• Eat the Dog: After the kids return home from the supermarket and only being able to afford the necessities, one of the kids jokes about using their pet dog as emergency rations.

 Melissa: When our food's gone, we can eat Elvis!

  • Fiction Business Savvy: The new fashion designs did not look cool in the 1990's or in the world of fashion.
  • Free-Range Children: Subverted since Sue Ellen is almost 18 and pretending to be 27. Played straight with everyone else. In all fairness, their mom did hire a babysitter to avoid this trope.
  • Getting Crap Past the Radar: Again, the line about all women over 25 having a cucumber in the house.
  • Hard Work Montage: When they clean up the house before the fashion show.
  • Hey, It's That Guy!!:
    • Fox Mulder as a slimy office nitwit?
    • Kelly Bundy finally applied herself, BS'd into a job, and did pretty darn well.
  • Hot Mom: From her co-workers' perspectives, Sue Ellen appears to be this.
  • Intergenerational Friendship: Sue Ellen (17) and Rose (40's) become close friends as the movie progesses.
  • Jerkass: Gus again.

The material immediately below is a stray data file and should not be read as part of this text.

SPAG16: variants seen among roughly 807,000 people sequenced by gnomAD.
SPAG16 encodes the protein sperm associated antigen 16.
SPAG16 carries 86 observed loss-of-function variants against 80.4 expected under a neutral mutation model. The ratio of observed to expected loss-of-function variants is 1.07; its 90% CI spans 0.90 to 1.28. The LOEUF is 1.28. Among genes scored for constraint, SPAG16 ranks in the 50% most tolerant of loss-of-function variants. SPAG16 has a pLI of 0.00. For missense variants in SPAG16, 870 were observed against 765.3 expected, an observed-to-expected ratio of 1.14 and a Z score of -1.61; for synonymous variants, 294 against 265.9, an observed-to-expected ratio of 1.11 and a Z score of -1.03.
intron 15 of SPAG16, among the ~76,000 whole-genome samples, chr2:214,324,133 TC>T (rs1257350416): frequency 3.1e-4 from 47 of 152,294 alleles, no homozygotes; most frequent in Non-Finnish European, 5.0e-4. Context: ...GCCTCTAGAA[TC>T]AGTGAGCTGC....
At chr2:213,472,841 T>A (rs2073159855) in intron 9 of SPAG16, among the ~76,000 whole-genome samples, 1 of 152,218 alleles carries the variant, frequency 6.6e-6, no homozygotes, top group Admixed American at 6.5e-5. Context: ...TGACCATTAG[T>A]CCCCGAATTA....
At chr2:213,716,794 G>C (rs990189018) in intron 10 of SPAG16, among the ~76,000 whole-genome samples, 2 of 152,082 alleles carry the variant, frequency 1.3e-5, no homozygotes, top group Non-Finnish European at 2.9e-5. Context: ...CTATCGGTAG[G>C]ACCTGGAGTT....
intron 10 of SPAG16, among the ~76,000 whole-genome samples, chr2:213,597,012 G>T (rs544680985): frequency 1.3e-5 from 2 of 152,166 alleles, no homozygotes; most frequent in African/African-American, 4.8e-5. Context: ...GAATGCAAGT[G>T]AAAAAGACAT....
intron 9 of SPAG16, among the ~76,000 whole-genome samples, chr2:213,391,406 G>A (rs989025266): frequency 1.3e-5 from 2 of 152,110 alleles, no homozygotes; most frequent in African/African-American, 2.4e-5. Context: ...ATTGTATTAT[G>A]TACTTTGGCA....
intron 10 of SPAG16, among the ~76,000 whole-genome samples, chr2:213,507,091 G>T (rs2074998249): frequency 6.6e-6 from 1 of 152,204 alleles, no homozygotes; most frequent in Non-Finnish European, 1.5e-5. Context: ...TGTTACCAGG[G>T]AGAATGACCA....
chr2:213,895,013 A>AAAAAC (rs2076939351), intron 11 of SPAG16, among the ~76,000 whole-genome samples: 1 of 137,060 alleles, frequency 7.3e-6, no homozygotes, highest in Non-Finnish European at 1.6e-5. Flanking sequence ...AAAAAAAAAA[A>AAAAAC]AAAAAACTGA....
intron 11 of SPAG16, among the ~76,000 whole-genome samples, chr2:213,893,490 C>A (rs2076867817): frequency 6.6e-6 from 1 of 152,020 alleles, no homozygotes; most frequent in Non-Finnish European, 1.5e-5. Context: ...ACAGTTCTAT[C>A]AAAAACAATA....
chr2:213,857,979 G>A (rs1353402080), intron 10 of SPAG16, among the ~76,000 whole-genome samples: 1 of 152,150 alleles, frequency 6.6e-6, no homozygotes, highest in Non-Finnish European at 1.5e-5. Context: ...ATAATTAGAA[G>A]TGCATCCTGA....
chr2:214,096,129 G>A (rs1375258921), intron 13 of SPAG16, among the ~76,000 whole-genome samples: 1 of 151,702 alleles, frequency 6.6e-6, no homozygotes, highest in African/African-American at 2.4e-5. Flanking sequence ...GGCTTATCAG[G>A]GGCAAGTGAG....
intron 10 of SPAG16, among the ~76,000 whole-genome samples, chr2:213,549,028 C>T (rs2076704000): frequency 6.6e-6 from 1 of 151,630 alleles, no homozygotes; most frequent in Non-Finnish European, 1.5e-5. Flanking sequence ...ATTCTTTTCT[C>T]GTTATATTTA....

• Karma Houdini: The drag queens most likely got away with stealing the Buick since Sue Ellen and her siblings didn't report it to the police, Mrs. Sturak was dead, and none of Mrs. Sturak's family (if any exists) were informed of her death. Even if they got pulled over, they could say they borrowed it since it was not reported stolen.
  • Lipstick and Load Montage: When Sue Ellen is getting dressed for her job interview at GAW.
  • Metalhead: Kenny.
  • Opposites Attract: Averted. Bruce and Carolyn are both petty, vindictive, and slimy people. They seem perfectly happy together.
  • Poster Gallery Bedroom: Mrs. Sturak stumbles into the Kenny's bedroom and reacts in horror at all the heavy metal posters on the walls. It's implied to give her a fatal heart attack that kicks off the plot.
  • Power Hair: In order to help pass as an "Executive Administrative Assistant", Sue Ellen puts her hair up in a fancy french twist.
  • Promotion to Parent: Sue Ellen
  • Really Seventeen Years Old: Sue Ellen lies about her age and falsifies a resume in order to get a job with a fashion agency. Everyone there assumes she's in her mid 20s.
  • He Cleans Up Nicely: Kenny, which causes Nicole to finally notice him.
  • Sliding Scale of Idealism Versus Cynicism: The apathy displayed by the Crandell siblings towards their own mother, let alone Mrs Sturak, places the film firmly in the late 80's/early 90's era, when movie parents were far more often depicted as incompetent bunglers and/or overly strict, requiring avoidance at all costs.